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    • It was a great ride! I loved the slower-paced tour of a section of road I know very well. It let me look at it in ways I can’t while going 50 mph in my car. Stay tuned: lots more photos to come from this tour in upcoming posts, including photos of houses built in the 1830s-1850s that still stand.

      Liked by 1 person

  3. Roger Meade says:

    I live in Marquette county in Michigan’s Upper Peninsula. We have a terrific bike and pedestrian trail called the Iron Ore Heritage Trail. It runs nearly 40 miles from Republic in the western fringe of the county to Chocolay, southeast of Marquette. Parts are urban, but most are rural to wild. This is moose, wolf and bear country. The elevation climbs about 800′ east to west. From Ishpeming to Marquette it follows an active railway that moves iron ore from the mine to the lakehead oredock at Marquette. I have walked a small part of it near Ishpeming and Negaunee, and hope to bike it down to Marquette soon. There is a steady stream of people of all ages that use the trail regularly.

    We have a commission funded by the communities along the trail that maintains and improves as funds allow. The trail is a real treasure for this area, and is pretty much accepted as such by the citizens. It brings in lots of bike tourists during the summer, and cross country skiers in the winter. Portions of the trail have a separate right of way for 4 wheelers, dirt bikes, or snowmobiles. A short section along Lake Superior is used for sled dog racing during the UP 200 in late Feburary each year.

    I have really been enjoying your blog for some time as I too enjoy old cameras and film photography. I am trying to avoid more cameras and just fill in my lens selections, but collecting is something of an adiction. A recent addition is a 42mm screw mount mirror lens which I now need to try out. Keep posting- I love it.

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    • As an officer in the Historic Michigan Road Association, we’ve talked about encouraging building a bike trail along the entire 270-mile length of the road! That would be a lot of work to make real but it would be fun to be able to bike it anywhere it goes.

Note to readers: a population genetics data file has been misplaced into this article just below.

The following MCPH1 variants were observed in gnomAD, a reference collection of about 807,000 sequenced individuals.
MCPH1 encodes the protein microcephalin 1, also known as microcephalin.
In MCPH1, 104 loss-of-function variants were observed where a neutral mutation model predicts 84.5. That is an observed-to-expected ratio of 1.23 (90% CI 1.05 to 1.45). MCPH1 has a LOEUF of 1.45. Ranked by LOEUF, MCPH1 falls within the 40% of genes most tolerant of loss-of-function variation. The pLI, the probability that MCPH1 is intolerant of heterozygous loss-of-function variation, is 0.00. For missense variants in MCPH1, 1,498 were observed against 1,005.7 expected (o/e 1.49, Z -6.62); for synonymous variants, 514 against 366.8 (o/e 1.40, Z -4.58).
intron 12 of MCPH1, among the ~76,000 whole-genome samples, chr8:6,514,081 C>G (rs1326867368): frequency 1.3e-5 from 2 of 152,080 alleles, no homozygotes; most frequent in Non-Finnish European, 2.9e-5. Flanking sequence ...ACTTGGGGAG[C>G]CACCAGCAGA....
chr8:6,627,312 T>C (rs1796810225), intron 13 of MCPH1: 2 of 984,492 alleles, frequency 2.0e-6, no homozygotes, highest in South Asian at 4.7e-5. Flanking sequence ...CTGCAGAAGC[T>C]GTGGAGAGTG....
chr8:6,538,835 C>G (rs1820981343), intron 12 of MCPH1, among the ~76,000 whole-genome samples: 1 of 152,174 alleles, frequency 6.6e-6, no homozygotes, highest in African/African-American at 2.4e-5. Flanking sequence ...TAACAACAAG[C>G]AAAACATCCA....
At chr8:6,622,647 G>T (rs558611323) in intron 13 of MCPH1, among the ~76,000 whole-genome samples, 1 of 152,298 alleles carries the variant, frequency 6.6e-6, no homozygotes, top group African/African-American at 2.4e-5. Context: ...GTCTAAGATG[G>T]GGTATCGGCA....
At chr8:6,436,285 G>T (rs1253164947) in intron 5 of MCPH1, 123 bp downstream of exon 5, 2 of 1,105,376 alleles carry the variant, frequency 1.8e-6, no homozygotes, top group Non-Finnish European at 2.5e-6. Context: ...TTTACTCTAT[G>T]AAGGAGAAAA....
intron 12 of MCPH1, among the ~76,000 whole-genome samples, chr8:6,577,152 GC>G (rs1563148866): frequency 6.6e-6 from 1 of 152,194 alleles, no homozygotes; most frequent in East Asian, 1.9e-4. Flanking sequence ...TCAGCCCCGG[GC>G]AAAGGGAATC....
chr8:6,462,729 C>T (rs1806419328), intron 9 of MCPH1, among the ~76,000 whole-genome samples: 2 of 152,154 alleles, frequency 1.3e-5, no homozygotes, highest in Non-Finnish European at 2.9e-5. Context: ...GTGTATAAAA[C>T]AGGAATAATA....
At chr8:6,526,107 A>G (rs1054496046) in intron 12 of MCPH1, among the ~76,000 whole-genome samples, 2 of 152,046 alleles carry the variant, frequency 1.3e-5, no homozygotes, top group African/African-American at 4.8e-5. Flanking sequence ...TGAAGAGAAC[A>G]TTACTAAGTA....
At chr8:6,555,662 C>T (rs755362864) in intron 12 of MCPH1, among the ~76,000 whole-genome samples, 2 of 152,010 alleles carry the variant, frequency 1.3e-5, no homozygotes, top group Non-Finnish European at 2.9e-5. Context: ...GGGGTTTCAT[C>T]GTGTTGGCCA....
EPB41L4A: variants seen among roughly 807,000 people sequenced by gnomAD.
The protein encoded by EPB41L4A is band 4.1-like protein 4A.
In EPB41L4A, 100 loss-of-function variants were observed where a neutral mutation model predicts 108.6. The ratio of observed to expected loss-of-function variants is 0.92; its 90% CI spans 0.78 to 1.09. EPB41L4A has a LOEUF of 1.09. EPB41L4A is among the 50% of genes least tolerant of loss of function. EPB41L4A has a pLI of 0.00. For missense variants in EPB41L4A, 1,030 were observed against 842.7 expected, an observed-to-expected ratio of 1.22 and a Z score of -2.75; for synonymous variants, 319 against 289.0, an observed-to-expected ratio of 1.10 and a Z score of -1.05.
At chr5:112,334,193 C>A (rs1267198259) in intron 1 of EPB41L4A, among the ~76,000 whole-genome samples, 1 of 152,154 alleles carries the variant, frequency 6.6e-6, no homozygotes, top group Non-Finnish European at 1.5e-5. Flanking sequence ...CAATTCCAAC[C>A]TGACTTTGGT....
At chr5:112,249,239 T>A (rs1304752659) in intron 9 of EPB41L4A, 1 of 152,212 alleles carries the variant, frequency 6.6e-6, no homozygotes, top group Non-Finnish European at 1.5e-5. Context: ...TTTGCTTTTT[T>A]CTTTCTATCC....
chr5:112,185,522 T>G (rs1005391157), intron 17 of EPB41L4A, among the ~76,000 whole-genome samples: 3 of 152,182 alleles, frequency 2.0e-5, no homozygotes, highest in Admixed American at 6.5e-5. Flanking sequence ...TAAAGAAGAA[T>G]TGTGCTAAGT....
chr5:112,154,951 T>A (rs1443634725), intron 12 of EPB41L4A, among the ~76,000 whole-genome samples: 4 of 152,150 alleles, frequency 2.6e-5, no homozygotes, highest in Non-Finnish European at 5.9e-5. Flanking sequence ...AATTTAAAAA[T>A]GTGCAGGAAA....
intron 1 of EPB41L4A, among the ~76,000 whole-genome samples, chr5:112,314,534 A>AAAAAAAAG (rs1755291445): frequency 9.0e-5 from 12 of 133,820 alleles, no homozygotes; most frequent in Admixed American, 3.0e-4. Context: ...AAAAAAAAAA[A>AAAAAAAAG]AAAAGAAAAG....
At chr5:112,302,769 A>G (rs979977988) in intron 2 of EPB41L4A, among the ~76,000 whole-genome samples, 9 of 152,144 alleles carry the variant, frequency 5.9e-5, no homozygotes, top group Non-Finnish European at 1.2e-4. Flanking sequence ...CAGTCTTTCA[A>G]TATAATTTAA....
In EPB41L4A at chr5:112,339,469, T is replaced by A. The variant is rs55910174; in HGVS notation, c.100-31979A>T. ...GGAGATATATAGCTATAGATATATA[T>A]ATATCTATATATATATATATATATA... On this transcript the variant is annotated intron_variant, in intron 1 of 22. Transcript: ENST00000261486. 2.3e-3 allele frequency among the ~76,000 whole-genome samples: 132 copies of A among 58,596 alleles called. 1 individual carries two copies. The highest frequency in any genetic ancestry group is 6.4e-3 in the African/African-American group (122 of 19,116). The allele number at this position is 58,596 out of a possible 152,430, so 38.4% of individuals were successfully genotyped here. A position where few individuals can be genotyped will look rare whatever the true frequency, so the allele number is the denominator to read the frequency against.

Yes, buying old cameras is kind of an addiction. My project for next year is to get out cameras I haven’t shot in a while and put film through them again — and if I don’t love using the camera, to sell it or give it away. Because I need to cut the number of cameras I store! They have been crammed into every nook and cranny in my little house.

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  4. Dan Cluley says:

    There has definitely been an increase in bike friendly roads in Mid Michigan as well. The common plan in the city seems to be to take a four lane street and convert it to two traffic lanes with a center turn lane. This makes room for a bike lane on each side.

    The other thing in Lansing is a wonderful series of walking/biking trails along the rivers. This started with an abandoned rail line downtown in the ’70s, and now branches out to reach several of the surrounding communities, and connect half a dozen parks. I don’t know the total length, but suspect it is over 20 miles.

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    • Andy Umbo says:

      My brother-in-law went to school in Lansing, and after years in the south with my sister, they came back to Lansing to retire. I take in from my sis that they couldn’t be more delighted, and consider Lansing like living in Manhattan compared to the college town they were living in, in the south!